2. Long time client of insurer is told they must complete a new application on renewal which the client is doing. By completing a new application, this now gives the insurer the right to not offer physical damage coverage and possibly take away their monthly payment plan. How will this family of 4, living pay cheque to pay cheque come up with $5,000 to pay their auto insurance premium within a very short period of time?
3. Broker in Alberta has had their contract to write insurance with one of their companies cancelled. Insured starts shopping for insurance. Two brokers already have had to turn him away as the companies they deal with will not provide physical damage coverage nor a payment plan. All they can offer is coverage through The Facility Association at an extremely high premium. The client’s insurance expires on April 4! He’s still shopping!
Again quoting the Honorable Joe Ceci:
“The Office of the Superintendent of Insurance is monitoring the situation closely to ensure that automobile insurance remains available for Albertans, and that insurance companies remain compliant with the Act.”
All I can say to him and his government is that it’s not working! The insurance companies are in fact following the letter of the law! The laws the Government of Alberta has put in place!
And it’s the consumers in Alberta who are suffering once again.
Yes, I’m mad as hell and for my part I will keep fighting for my clients!
So, what can you do?
I call on all insurance professionals in Alberta to send an example of hardship caused to Alberta consumers!
I call on all consumers who have been affected or if you know someone who has been call or email.
Superintendent of Insurance – toll-free by telephone, at 310-0000 (wait for the tone, then dial at 780-643 2237), or by email at email@example.com.
No two insurance policies are exactly the same. When it comes to insurance on residential properties purchased with the intention of “flipping”, there are a number of factors that the insurer companies consider in determining the level of protection they will offer and the premium they will charge.
Many insurers will not provide the coverage, others may provide limited coverage and then there are those who specialize in this class and will have various options. Not only that, the companies that will write this type of insurance change based on existing economic conditions and incurred losses.
1. When should I contact my broker about the insurance?
As soon as you know which property you are buying. They can assist you through the process and ensure the paperwork is ready for the bank or finance co.
2. What are the main challenges insuring an older home?
Aluminum wiring and 40 or 60 amp is more likely to cause fires so many insurers won’t offer coverage. If they do, the premiums are usually much higher!
3. How much insurance should I carry?
Coverage can be Replacement Cost (cost to rebuild) or Actual Cash Value (ACV). ACV means that there will be depreciation applied to your claim and you will pay a portion of the cost to repair or rebuild. Many brokers have software programs to help you assess building replacement value on your residential property. What you paid for the house and lot has no bearing on the insurance amount. That is market value only.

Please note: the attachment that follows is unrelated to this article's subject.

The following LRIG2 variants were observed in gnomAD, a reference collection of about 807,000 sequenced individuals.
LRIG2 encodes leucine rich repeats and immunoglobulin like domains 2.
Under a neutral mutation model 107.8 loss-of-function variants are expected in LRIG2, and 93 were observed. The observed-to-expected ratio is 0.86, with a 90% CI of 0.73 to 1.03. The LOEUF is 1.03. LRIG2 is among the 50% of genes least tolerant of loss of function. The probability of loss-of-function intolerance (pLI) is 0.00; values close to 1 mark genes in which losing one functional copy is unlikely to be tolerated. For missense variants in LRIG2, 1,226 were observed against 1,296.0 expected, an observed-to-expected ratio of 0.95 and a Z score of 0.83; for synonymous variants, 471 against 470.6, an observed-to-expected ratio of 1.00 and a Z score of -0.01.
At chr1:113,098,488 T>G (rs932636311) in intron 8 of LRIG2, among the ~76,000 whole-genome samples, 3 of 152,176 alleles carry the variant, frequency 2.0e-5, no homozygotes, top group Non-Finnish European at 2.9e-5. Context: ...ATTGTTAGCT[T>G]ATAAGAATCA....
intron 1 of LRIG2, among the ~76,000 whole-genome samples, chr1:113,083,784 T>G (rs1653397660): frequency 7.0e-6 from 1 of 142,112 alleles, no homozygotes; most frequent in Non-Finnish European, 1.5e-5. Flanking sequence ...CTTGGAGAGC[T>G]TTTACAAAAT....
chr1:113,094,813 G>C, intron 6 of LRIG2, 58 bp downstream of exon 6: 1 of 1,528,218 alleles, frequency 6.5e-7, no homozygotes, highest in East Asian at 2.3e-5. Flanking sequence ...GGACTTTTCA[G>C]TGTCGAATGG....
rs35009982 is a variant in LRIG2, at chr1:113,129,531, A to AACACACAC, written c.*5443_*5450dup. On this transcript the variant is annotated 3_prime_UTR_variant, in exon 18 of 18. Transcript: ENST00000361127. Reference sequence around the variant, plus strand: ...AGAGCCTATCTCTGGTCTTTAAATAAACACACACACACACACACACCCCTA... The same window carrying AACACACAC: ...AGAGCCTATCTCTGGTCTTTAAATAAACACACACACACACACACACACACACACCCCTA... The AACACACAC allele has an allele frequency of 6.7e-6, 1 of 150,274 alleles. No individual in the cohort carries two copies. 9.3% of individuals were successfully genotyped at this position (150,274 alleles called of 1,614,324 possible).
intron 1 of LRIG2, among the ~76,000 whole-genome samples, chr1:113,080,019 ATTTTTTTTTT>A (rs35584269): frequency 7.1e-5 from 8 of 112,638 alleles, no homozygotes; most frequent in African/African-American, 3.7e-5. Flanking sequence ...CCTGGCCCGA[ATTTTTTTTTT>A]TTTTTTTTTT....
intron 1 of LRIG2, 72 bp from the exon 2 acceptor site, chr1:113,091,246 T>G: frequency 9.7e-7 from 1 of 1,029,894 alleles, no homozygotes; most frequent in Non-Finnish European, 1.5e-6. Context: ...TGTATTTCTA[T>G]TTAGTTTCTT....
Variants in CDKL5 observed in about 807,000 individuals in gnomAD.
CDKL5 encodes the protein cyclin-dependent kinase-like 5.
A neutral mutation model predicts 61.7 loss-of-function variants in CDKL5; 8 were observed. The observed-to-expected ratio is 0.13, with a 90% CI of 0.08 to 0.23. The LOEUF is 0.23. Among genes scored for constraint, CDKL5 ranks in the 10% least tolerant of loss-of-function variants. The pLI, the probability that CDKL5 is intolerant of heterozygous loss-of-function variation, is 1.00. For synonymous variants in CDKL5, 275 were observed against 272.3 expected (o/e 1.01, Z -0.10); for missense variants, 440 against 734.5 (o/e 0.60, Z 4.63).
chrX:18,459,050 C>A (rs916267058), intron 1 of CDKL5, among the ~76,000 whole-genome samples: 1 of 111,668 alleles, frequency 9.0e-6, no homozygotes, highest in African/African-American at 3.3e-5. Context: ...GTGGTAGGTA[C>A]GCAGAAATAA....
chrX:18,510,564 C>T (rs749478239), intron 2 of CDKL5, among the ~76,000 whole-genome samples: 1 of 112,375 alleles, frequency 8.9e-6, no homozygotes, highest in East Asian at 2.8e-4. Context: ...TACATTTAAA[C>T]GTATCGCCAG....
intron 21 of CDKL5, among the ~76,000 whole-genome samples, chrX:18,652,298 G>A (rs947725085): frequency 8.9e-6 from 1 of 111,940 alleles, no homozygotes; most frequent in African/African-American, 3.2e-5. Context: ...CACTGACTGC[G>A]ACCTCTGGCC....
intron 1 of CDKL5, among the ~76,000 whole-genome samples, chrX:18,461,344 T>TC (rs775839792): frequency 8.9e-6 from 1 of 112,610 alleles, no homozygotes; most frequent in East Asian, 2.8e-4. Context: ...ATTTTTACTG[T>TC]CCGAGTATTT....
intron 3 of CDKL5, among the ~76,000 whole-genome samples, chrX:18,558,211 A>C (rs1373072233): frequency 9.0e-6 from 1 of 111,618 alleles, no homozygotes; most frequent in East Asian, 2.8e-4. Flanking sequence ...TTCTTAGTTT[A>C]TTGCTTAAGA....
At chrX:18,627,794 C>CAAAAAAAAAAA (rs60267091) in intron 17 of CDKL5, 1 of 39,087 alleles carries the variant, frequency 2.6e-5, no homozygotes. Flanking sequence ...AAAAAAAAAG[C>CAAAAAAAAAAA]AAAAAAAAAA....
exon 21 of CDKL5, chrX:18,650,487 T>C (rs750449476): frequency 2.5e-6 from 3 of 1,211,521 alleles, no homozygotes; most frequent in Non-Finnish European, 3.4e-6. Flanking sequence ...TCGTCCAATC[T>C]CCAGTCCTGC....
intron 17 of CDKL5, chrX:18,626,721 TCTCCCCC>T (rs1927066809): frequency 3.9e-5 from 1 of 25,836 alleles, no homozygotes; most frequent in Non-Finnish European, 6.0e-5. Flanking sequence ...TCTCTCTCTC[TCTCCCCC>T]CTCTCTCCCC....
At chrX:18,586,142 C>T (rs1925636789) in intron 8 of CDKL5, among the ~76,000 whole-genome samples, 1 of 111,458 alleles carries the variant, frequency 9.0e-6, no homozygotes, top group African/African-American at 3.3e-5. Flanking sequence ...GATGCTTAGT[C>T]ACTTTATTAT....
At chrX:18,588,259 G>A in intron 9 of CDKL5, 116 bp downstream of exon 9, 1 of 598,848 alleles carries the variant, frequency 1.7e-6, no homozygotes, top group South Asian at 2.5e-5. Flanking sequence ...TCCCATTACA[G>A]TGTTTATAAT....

4. Is the coverage all risk or named perils?
All risk coverage provides all risk of physical loss or damage subject to standard exclusion. Named Perils only covers certain types of losses.
5. How long should the policy period be?
Just in case renovations are delayed or the house doesn’t sell quickly, it’s easier to purchase an annual policy and cancel when it’s sold.
6. What happens if my property is vacant?
All property insurance has a 30-day vacancy clause. If you don’t arrange with your insurer to add a vacancy permit, you will have no insurance after 30 days.
7. Is there coverage for water damage?
Water damage means anything from sewer back-up, overflow of water from a domestic appliance, frozen burst pipes or flooding. Not all of these may be included so ask your broker.
8. How much do I have to pay in the event of a loss?
Policy deductibles can range from $1,000 up to in some cases $25,000 depending on your loss history and the type of loss. Remember, the higher the deductible, the lower the premium. What’s your risk tolerance level?
9. Are there any warranties in the policy?
So, what’s a warranty? It’s your promise. Let’s say your building is vacant. The insured has provided you with a “permission for vacancy” endorsement with a 72-hour Supervision Warranty. If you do not check the property as outlined in the warranty and you have a loss it won’t be covered.
10. Should my contractors carry insurance?
Absolutely! House flipping has additional liability exposures that your contractors should be responsible and liable for. Ask for a Certificate of Insurance to confirm they have coverage and ensure that they are licensed!
Heather Cournoyer, CCIB, CIP is a commercial insurance expert who loves to take the mystery and confusion out of buying insurance. She does that by working closely with her customers to learn what they do and why they do it. Then she makes sure that the insurance they purchase is what they need and want when something happens. As your broker, she also acts as an advocate when and if her customers have a claim.
Heather makes it a point of understanding changing insurance market conditions. In addition, she can explain the difference in coverage, limitations and exclusions that may apply. She can find the right insurer for the level of protection you need at a price you can afford.